A farmer and trucker from upstate New York bought the Islander this week for $23,600, placing bid 58 on Ebay Monday for the vessel that ferried Islanders to and from the rest of America for over fifty years.
The auction looked like it might be a humiliating episode with the old girl fetching a starting bid of just $10, with offers crawling to a few thousand in the first days.
But after a flurry of late offers from a total of 19 bidders it finally went to Donald Slovak of Valatie, N.Y.
The price is a significant deal compared to the $500,000 which the Governors Island Preservation and Education Corporation paid the Steamship Authority for the ferry back in 2006.
She proved a lemon for the corporation, the board governing a 172-acre stretch of land east of lower Manhattan and a few hundred yards north of Brooklyn. The organization had planned to use the ferry as a back-up vessel for the tiny journey made by thousands of tourists to the island during the summer months.
But following a six-month inspection, they declared their purchase an unseaworthy rust bucket.
The Islander, which has a capacity of 770 passengers and 47 vehicles, was acquired in 1950 for $1,010,343.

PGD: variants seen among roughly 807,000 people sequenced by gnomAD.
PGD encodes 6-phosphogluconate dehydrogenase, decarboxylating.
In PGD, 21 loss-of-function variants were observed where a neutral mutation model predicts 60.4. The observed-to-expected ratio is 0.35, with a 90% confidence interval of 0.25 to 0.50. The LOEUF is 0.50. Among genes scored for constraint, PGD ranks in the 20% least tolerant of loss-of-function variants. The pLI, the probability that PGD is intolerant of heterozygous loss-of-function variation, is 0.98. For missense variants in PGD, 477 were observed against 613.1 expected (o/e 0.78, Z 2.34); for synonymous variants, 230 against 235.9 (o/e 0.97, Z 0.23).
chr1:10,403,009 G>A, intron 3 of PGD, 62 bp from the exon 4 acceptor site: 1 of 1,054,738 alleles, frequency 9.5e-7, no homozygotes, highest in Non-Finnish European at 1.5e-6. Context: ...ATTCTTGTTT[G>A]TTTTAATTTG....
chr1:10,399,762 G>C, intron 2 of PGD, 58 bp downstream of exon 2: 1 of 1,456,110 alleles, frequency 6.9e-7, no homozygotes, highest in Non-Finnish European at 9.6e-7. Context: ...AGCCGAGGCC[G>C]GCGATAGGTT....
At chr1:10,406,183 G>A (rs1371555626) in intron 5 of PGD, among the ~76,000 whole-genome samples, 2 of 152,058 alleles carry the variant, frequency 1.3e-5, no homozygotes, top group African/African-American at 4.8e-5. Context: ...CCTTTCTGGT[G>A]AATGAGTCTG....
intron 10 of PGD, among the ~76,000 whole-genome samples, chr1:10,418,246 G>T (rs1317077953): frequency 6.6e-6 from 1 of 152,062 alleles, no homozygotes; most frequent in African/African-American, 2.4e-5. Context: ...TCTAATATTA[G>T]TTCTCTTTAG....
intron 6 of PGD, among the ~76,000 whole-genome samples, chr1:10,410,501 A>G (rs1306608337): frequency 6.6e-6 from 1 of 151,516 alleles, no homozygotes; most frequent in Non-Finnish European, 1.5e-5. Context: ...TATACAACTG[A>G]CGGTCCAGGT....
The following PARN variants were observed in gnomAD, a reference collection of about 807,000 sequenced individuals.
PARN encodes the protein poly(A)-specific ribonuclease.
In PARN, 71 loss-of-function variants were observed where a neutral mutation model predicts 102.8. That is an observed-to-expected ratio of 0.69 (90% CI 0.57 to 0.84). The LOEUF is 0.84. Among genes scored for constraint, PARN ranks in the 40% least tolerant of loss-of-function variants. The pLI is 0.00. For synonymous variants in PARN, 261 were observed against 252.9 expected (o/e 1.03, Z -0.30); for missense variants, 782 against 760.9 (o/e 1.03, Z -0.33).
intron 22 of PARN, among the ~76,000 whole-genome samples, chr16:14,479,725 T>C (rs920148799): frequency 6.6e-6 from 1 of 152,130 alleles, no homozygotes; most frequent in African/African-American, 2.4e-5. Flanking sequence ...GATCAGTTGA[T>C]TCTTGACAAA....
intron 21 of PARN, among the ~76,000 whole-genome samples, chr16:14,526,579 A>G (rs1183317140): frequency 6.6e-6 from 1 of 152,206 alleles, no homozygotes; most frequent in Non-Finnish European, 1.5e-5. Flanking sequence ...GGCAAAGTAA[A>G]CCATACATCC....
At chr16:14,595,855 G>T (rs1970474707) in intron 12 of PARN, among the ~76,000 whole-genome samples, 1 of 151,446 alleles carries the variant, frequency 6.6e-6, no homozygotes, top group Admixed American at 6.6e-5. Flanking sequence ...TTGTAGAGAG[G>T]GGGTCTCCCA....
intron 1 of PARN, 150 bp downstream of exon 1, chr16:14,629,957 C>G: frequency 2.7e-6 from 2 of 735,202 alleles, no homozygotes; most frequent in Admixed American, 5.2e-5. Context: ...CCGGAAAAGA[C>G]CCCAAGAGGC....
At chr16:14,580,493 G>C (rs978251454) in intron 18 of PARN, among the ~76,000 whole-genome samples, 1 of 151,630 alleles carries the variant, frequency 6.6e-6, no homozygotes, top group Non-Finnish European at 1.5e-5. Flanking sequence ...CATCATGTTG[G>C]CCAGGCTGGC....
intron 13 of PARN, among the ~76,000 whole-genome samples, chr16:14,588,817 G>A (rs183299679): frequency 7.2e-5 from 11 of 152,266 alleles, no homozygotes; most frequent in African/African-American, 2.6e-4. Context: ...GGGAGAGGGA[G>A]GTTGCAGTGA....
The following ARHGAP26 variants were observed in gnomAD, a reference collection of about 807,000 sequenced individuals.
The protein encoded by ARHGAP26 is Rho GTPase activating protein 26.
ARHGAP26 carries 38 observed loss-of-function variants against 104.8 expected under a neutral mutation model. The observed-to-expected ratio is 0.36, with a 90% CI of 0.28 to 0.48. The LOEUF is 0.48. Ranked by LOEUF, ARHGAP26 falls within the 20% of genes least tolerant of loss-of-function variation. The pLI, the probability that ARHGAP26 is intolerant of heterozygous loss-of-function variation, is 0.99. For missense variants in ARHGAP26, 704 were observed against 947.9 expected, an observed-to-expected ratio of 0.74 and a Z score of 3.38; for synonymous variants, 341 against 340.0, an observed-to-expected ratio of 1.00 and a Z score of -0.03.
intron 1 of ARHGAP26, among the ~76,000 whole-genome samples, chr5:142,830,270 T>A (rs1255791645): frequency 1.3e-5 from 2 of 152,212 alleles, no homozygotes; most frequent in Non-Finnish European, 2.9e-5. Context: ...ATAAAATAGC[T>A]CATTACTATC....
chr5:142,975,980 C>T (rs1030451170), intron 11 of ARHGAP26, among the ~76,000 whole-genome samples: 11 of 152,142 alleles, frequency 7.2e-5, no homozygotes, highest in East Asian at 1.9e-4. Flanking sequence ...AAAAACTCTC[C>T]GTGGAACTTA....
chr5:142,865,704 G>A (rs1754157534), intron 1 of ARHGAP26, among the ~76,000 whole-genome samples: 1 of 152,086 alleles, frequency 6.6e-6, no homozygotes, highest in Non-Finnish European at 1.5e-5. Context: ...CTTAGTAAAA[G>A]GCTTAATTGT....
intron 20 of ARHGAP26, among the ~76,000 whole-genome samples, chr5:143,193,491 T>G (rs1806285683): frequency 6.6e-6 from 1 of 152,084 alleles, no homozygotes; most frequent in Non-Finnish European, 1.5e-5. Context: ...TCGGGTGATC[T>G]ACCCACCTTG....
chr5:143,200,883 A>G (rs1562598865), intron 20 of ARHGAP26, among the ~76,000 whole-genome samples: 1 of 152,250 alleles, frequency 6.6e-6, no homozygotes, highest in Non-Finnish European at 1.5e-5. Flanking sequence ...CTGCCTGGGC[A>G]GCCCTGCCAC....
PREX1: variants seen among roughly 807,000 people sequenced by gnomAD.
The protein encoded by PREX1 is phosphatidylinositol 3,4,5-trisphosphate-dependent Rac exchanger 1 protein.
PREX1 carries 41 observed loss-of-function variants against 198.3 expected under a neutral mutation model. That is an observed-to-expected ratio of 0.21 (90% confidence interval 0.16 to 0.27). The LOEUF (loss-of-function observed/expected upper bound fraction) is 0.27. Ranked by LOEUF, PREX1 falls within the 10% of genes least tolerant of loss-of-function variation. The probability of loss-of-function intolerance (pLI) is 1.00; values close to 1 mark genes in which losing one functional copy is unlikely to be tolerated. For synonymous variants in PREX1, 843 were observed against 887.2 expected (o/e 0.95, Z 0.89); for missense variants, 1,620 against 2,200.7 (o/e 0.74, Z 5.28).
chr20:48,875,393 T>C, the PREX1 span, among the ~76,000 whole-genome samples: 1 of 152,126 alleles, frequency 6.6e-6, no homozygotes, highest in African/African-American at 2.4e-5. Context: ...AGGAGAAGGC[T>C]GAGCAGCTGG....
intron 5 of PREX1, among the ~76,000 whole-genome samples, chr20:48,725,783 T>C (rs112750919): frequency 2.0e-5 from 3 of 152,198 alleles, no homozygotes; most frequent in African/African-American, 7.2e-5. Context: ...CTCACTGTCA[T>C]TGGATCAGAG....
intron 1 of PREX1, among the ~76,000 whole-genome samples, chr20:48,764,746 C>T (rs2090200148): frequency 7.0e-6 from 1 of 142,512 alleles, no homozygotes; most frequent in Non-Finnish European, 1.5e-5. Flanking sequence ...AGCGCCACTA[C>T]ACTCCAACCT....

Jon Myers, a spokesman for the Governors Island corporation, said the repair would run into the millions. The organization decided to put it up for sale instead.
Mr. Slovak operates a fruit farm in Valatie and Slovak Auto Transport, a trucking company headquartered in Shaddock Landing, New York. He made the required $3,000 deposit for the ferry earlier this week, and must arrange pick up of the ferry from New York harbor.
Not a commercial ferry operator, Mr. Slovak, who could not be reached yesterday for comment, may well decide to sell the Islander off piece by piece for scrap.
The Islander now joins other Steamship Authority ferries that have been put out to pasture — or the ocean-going version of such — and eventually met with untimely ends.
The Nobska, the last coastal steamer in America that operated on the Vineyard run between 1925 and 1973, finally went under the wrecking ball at the Charlestown Navy Yard in June of 2006. After she went off the Vineyard run, the Nobska was a restaurant in Baltimore for awhile, and then was the subject of a long and ultimately unsuccessful campaign to restore her as a museum ship.
The ferry Naushon, the last of the SSA steamers and a favorite old vessel among Islanders with her elegantly rounded hull and grand staterooms, left for a new life as a casino ferry in 1989 and has not been heard from since.
The ferry Schamonchi, a somewhat homely girl that was built in Maine in 1978 and ran between New Bedford and the Vineyard as a passenger ferry for more than 20 years, left for New York city in July of 2005 after the SSA had bought and decommissioned her. The Schamonchi was bought by Caribbean Shipping and Marine Services of Flushing, N.Y. The company paid a little over $100,000 for the ferry and had plans to refurbish the ferry and use it as a party boat.
But this winter the Schamonchi turned up in New York Harbor as someone’s home — The New York Times ran a story about it.
And so it seems that old ferries never really retire; instead they just fade away.